public string[] KeyTypes { get; set; }

    // How much entropy should the generated keys have. (default 24)
    public int KeySizeBytes { get; set; }

    /// Whether to automatically expire keys. (default no expiry)
    public TimeSpan? ExpireKeysAfter { get; set; }

    // Automatically create ApiKey Table for Auth Repositories which need it. (true)
    public bool InitSchema { get; set; }

    // Change how API Key is generated
    public CreateApiKeyDelegate GenerateApiKey { get; set; }

    // Run custom filter after API Key is created
    public Action<ApiKey> CreateApiKeyFilter { get; set; }

    // Cache the User Session so it can be reused between subsequent API Key Requests
    public TimeSpan? SessionCacheDuration { get; set; }

Should you need to, you can access API Keys from the Auth Repository directly through the following interface:

public interface IManageApiKeys
    void InitApiKeySchema();

    bool ApiKeyExists(string apiKey);

    ApiKey GetApiKey(string apiKey);

    List<ApiKey> GetUserApiKeys(string userId);

    void StoreAll(IEnumerable<ApiKey> apiKeys);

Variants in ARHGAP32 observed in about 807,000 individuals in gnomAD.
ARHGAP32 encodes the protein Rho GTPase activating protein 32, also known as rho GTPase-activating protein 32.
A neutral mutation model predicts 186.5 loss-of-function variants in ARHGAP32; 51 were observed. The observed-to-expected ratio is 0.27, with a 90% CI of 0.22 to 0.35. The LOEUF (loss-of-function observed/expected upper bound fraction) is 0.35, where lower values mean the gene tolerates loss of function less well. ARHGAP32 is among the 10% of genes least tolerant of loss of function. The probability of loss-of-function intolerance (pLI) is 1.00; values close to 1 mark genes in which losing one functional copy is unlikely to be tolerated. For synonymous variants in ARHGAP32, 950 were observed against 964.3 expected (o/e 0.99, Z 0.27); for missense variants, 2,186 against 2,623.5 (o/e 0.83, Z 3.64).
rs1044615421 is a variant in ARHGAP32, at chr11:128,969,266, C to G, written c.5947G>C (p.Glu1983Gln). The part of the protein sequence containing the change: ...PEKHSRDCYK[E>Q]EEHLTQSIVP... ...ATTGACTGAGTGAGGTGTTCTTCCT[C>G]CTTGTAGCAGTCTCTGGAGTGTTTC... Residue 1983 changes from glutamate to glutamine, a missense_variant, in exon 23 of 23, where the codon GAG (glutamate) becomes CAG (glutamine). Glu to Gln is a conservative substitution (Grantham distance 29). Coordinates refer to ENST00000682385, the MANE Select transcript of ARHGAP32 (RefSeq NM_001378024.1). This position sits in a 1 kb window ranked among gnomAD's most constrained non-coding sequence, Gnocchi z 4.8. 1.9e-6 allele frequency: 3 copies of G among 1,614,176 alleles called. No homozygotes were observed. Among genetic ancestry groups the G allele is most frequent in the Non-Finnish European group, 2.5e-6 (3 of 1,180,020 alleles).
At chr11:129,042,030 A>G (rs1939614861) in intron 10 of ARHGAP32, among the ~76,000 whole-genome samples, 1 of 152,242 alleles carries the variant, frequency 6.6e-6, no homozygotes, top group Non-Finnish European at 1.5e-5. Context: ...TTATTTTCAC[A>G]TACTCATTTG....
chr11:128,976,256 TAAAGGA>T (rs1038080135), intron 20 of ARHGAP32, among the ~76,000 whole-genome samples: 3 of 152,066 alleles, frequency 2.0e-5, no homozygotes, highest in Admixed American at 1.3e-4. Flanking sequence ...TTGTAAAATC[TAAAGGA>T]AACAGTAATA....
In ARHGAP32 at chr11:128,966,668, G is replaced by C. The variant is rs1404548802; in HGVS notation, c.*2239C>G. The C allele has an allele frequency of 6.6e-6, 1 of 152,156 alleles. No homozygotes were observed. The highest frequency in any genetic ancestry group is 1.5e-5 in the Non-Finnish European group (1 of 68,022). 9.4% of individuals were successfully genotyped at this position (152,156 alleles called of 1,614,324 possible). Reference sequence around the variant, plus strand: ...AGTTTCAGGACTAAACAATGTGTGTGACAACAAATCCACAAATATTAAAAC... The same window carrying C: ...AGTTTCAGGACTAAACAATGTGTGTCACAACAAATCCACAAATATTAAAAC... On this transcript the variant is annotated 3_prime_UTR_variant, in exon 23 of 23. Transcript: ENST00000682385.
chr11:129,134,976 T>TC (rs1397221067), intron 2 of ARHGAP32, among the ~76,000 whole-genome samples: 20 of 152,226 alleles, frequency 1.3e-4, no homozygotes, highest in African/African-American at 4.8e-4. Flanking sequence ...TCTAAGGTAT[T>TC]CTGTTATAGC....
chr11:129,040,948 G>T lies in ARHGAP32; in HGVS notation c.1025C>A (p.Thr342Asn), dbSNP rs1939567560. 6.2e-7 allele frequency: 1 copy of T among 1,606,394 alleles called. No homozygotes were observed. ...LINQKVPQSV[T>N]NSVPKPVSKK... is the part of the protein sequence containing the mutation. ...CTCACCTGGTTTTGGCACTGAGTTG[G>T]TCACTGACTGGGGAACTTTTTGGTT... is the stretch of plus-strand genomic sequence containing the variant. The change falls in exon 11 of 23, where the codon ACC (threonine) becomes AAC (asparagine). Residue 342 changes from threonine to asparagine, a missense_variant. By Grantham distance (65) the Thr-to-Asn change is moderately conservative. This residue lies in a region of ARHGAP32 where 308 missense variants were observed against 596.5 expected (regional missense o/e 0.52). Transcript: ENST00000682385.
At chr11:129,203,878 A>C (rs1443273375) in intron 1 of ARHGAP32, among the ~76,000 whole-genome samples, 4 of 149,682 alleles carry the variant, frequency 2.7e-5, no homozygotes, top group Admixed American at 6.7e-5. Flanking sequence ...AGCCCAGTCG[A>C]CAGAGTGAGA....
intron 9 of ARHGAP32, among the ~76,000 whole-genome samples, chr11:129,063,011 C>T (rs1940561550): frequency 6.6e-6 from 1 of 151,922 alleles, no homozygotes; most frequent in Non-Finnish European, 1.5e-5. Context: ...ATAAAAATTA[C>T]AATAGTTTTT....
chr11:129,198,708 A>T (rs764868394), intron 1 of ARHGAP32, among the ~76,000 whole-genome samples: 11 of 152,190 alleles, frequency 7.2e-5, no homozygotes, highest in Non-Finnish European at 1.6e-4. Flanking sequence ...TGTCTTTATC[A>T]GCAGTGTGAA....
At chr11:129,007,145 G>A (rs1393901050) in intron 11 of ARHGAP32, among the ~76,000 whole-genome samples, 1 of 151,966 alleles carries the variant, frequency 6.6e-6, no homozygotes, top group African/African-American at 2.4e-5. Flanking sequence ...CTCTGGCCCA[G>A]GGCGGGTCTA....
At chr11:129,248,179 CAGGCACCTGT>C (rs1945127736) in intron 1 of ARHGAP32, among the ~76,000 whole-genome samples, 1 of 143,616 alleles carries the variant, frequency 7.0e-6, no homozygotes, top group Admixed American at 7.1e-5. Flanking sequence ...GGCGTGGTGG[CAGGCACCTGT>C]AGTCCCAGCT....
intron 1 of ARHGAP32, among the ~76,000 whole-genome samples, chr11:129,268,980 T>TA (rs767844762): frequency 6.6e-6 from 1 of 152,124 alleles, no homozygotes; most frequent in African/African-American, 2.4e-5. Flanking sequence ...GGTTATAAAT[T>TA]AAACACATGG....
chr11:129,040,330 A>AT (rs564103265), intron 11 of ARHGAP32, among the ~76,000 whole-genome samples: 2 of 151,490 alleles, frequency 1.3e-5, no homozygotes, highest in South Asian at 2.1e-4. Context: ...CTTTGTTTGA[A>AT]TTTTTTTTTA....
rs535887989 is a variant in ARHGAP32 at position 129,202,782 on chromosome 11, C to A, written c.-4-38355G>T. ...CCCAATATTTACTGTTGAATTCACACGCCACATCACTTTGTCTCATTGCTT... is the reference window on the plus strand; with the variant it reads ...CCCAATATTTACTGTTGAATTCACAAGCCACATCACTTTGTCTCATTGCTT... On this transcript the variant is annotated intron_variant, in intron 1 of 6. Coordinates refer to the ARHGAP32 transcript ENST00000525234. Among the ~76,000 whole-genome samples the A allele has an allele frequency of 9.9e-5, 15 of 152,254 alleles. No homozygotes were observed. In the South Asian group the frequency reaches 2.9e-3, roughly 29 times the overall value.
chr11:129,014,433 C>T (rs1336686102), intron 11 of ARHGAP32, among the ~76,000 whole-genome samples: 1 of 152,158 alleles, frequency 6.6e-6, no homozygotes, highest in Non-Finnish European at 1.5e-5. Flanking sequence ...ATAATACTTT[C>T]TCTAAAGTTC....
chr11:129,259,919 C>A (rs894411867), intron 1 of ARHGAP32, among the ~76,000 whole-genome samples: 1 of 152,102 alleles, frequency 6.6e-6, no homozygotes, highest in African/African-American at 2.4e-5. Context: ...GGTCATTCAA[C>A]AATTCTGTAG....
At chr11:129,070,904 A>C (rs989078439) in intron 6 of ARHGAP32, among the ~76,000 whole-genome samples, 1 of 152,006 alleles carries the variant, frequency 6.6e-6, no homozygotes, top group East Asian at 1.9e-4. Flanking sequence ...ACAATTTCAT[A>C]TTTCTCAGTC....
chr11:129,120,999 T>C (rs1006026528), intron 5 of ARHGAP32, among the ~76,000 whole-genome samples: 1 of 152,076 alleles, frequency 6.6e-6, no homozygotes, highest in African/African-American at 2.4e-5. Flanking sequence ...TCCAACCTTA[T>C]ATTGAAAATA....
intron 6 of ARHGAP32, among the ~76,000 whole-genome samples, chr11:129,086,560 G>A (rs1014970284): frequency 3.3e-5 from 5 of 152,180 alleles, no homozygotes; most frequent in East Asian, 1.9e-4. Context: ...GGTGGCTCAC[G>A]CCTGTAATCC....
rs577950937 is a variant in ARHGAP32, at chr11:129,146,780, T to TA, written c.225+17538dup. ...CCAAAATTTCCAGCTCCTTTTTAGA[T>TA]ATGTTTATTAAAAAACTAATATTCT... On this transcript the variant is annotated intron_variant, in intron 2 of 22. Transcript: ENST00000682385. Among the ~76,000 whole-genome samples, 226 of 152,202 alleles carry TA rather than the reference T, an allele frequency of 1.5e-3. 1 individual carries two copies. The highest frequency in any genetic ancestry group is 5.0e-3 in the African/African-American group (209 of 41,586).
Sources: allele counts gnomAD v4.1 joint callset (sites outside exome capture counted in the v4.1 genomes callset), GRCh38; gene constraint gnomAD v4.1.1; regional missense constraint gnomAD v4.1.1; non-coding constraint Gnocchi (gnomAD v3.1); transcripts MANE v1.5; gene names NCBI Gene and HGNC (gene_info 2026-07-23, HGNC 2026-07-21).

This interface also defines what’s required in order to implement API Keys support on a Custom AuthRepository.

For Auth Repositories which implement it, you can access the interface by resolving IAuthRepository from the IOC and casting it to the above interface, e.g:

var apiRepo = (IManageApiKeys)HostContext.TryResolve<IAuthRepository>();
var apiKeys = apiRepo.GetUserApiKeys(session.UserAuthId);

Built-in API Key Services

To give end-users access to their keys the API Key Auth Provider enables 2 Services: the GetApiKeys Service to return all valid User API Keys for the specified environment:

//GET /apikeys/live
var response = client.Get(new GetApiKeys { Environment = "live" }); 
response.Results.PrintDump(); //User's "live" API Keys